Can I include a Charging Order debt in Bankruptcy?

Only unsecured debts are included and written off in Bankruptcy. A Charging Order turns an unsecured debt into a secured debt and as such once one has been issued the associated debt cannot be included.

After you are Bankrupt you are still responsible to pay any secured debts such as your mortgage or debts which have been secured with a charge. This means that if you have been allowed to keep your property you will still owe any charging order debts.

Despite this we consider whether there are any circumstances where a debt secured with a charge could be written off if you go Bankrupt.

What if your property is repossessed?

A property would only be sold in bankruptcy if doing so would actually raise any cash for your creditors. As such if your property is in negative equity you will normally be able to keep it after you have been declared bankrupt because there is no monetary value in it.

However the reason for the negative equity may well be the fact that you have charging orders which have been issued against your property. Where this is the case one option open to you is to allow your property to be voluntarily repossessed by the mortgage lender.

Once the property is sold any charging order debts that remain unpaid then automatically become unsecured once again and can then be written off if you go Bankrupt.

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When is it sensible to write off all your debt and start again?

Allowing your home to repossessed may seem exceedingly harsh. It means that you will end up losing your property and probably having to move into rented accommodation. As such, it is not a route that you would pursue unless you want to totally wipe the slate clean, remove all of your debt and start again.

Of course even though it may be in negative equity many people will prefer to remain in their property and continue paying their mortgage and secured loan payments in the knowledge that eventually house prices will rise and the negative equity situation will be reversed.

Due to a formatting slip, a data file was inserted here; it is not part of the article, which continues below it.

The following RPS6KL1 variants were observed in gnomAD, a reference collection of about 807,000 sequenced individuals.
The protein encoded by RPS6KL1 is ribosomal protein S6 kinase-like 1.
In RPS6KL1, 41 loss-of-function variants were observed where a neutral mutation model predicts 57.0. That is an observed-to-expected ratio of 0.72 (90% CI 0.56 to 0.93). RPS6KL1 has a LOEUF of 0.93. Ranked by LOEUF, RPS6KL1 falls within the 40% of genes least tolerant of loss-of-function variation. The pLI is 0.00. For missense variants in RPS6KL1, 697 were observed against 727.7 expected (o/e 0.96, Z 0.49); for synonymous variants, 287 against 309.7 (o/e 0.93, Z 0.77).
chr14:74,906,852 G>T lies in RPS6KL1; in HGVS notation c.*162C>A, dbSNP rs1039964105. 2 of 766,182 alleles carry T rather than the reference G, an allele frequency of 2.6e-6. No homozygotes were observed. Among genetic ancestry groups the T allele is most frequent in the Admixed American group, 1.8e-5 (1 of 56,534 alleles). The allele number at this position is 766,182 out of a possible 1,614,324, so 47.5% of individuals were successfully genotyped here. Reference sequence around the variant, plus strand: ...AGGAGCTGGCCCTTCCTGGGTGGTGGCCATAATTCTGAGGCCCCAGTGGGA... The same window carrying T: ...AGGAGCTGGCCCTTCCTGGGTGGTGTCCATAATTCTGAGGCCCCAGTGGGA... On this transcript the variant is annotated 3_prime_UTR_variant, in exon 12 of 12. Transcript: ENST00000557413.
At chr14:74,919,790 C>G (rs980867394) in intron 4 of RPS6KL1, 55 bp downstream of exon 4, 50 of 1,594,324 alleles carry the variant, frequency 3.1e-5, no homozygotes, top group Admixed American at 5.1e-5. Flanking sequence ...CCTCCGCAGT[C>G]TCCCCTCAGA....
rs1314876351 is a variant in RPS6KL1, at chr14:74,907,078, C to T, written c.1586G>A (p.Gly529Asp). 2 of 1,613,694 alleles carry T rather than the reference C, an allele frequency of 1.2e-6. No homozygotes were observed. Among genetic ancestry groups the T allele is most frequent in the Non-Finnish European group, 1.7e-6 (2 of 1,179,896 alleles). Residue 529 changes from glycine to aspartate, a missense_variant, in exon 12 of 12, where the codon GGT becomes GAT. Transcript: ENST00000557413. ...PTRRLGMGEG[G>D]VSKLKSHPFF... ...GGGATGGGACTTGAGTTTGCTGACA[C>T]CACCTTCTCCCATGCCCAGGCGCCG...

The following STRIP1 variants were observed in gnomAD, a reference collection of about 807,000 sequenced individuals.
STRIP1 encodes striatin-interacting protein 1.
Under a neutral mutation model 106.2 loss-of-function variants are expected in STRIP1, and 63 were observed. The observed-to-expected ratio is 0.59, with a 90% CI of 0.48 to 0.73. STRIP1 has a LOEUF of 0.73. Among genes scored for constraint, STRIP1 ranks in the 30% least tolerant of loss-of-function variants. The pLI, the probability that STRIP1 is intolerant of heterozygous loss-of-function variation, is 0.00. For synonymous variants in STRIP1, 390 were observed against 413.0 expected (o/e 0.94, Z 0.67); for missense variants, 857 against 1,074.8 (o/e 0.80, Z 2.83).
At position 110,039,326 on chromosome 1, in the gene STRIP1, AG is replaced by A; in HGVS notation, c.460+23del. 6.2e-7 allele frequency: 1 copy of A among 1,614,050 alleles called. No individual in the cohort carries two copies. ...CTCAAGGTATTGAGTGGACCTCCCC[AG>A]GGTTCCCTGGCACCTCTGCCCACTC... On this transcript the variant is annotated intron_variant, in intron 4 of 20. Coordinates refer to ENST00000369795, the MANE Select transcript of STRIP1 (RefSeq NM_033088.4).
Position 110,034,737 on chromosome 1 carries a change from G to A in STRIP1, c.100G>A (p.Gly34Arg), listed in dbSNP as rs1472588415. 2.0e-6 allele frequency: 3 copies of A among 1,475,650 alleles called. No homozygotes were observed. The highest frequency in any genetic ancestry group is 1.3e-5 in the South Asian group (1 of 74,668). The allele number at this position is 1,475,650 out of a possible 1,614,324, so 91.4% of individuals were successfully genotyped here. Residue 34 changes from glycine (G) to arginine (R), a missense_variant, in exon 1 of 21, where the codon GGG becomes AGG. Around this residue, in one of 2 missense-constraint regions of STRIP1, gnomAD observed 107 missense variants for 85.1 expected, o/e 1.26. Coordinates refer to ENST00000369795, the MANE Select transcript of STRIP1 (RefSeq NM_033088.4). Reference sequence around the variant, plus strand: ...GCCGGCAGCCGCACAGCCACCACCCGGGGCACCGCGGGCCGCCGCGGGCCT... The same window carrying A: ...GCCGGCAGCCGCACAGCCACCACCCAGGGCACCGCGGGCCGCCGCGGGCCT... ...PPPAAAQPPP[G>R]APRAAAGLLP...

However, you need to remember that debts such as charging orders may continue to grow as interest could be added at the statutory rate of eight percent per year. House prices may therefore have to rise significantly before the negative equity is reversed, which in the current housing market might take many years.

Given this, if you have already decided to declare yourself bankrupt because you have significant unsecured debts and secured debt and charging orders have been issued which mean that your property is in negative equity, then moving out of your property and allowing it to be repossessed is definitely worth consideration.

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    2 thoughts on “Can I include a Charging Order debt in Bankruptcy?

    1. Jannett says:

      Hi

      We have a restriction on our property which we own 50 50. The restriction is only for my husbands half. We wish to sell the property and I understand as long as we have notified the claimant we are selling the property they are unable to stop the sale and we are under no obligation to pay them any money, we understand this may be harder to do.

      The restriction was put on for a £140.000.00 debt which is now £170.000.00 with interest in May 2011, the equity is £90.000.00 50% being £45.000.00, we are trying to sell the property and the claimant is saying they want £170.000.00 to lift the restriction,

      My husband also was bankrupt on 8th August 2011 and the claimant was included in the unsecured debt, we have asked insolvency for clarification that the debt was finished with the bankruptcy.

      1. Hi Jannett

        Firstly the debt you refer to would NOT have been included in your husband’s bankruptcy. Secured debts are not included. Given the restriction was issued prior to the date he went bankrupt the debt could not be included.

        As highlighted in the article above the only way that the debt could now be included in the bankruptcy is if the house is sold or repossessed leaving the debt unpaid. Given it would then be unsecured it would be written off by the original bankruptcy as a contingent debt.

        In terms of whether you will actually be able to sell I believe that as the property is joint owned it would be possible. However you will need to get confirmation of this from your conveyancing solicitor.

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